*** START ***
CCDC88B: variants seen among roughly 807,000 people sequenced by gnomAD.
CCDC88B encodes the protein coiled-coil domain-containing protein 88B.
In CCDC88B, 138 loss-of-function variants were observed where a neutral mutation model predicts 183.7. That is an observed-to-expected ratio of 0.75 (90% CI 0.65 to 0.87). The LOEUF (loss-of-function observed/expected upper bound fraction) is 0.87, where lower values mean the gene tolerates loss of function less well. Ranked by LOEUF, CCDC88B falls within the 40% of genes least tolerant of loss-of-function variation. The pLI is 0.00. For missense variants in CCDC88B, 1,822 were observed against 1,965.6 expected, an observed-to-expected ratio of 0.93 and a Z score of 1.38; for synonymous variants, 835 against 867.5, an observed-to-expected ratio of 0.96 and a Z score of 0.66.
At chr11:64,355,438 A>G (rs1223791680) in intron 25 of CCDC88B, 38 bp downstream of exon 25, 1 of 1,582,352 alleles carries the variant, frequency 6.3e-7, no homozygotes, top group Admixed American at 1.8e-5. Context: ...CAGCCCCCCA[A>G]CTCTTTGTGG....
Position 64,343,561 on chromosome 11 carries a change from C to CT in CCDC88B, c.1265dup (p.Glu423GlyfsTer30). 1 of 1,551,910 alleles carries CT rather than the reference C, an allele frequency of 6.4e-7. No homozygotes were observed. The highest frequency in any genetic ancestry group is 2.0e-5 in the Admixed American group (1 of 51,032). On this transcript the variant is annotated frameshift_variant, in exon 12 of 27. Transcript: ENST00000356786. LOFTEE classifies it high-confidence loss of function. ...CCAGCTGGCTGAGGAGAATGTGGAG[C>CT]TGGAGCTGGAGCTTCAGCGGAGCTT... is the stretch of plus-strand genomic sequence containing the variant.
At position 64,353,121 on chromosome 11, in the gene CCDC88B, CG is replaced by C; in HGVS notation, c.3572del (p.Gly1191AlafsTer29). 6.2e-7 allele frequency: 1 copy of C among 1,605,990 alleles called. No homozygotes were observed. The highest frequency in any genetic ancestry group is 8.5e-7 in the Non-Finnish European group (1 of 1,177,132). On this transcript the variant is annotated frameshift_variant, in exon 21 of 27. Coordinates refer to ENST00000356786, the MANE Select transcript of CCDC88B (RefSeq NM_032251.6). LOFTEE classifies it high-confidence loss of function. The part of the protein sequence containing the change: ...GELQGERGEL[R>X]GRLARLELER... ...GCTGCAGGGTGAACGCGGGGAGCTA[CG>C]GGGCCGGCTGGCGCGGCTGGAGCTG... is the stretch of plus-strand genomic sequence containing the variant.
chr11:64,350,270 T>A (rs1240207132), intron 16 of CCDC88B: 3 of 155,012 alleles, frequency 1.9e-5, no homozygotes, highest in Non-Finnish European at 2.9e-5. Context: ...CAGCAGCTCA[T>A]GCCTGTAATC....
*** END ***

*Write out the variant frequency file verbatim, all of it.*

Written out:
CCDC88B: variants seen among roughly 807,000 people sequenced by gnomAD.
CCDC88B encodes the protein coiled-coil domain-containing protein 88B.
In CCDC88B, 138 loss-of-function variants were observed where a neutral mutation model predicts 183.7. That is an observed-to-expected ratio of 0.75 (90% CI 0.65 to 0.87). The LOEUF (loss-of-function observed/expected upper bound fraction) is 0.87, where lower values mean the gene tolerates loss of function less well. Ranked by LOEUF, CCDC88B falls within the 40% of genes least tolerant of loss-of-function variation. The pLI is 0.00. For missense variants in CCDC88B, 1,822 were observed against 1,965.6 expected, an observed-to-expected ratio of 0.93 and a Z score of 1.38; for synonymous variants, 835 against 867.5, an observed-to-expected ratio of 0.96 and a Z score of 0.66.
At chr11:64,355,438 A>G (rs1223791680) in intron 25 of CCDC88B, 38 bp downstream of exon 25, 1 of 1,582,352 alleles carries the variant, frequency 6.3e-7, no homozygotes, top group Admixed American at 1.8e-5. Context: ...CAGCCCCCCA[A>G]CTCTTTGTGG....
Position 64,343,561 on chromosome 11 carries a change from C to CT in CCDC88B, c.1265dup (p.Glu423GlyfsTer30). 1 of 1,551,910 alleles carries CT rather than the reference C, an allele frequency of 6.4e-7. No homozygotes were observed. The highest frequency in any genetic ancestry group is 2.0e-5 in the Admixed American group (1 of 51,032). On this transcript the variant is annotated frameshift_variant, in exon 12 of 27. Transcript: ENST00000356786. LOFTEE classifies it high-confidence loss of function. ...CCAGCTGGCTGAGGAGAATGTGGAG[C>CT]TGGAGCTGGAGCTTCAGCGGAGCTT... is the stretch of plus-strand genomic sequence containing the variant.
At position 64,353,121 on chromosome 11, in the gene CCDC88B, CG is replaced by C; in HGVS notation, c.3572del (p.Gly1191AlafsTer29). 6.2e-7 allele frequency: 1 copy of C among 1,605,990 alleles called. No homozygotes were observed. The highest frequency in any genetic ancestry group is 8.5e-7 in the Non-Finnish European group (1 of 1,177,132). On this transcript the variant is annotated frameshift_variant, in exon 21 of 27. Coordinates refer to ENST00000356786, the MANE Select transcript of CCDC88B (RefSeq NM_032251.6). LOFTEE classifies it high-confidence loss of function. The part of the protein sequence containing the change: ...GELQGERGEL[R>X]GRLARLELER... ...GCTGCAGGGTGAACGCGGGGAGCTA[CG>C]GGGCCGGCTGGCGCGGCTGGAGCTG... is the stretch of plus-strand genomic sequence containing the variant.
chr11:64,350,270 T>A (rs1240207132), intron 16 of CCDC88B: 3 of 155,012 alleles, frequency 1.9e-5, no homozygotes, highest in Non-Finnish European at 2.9e-5. Context: ...CAGCAGCTCA[T>A]GCCTGTAATC....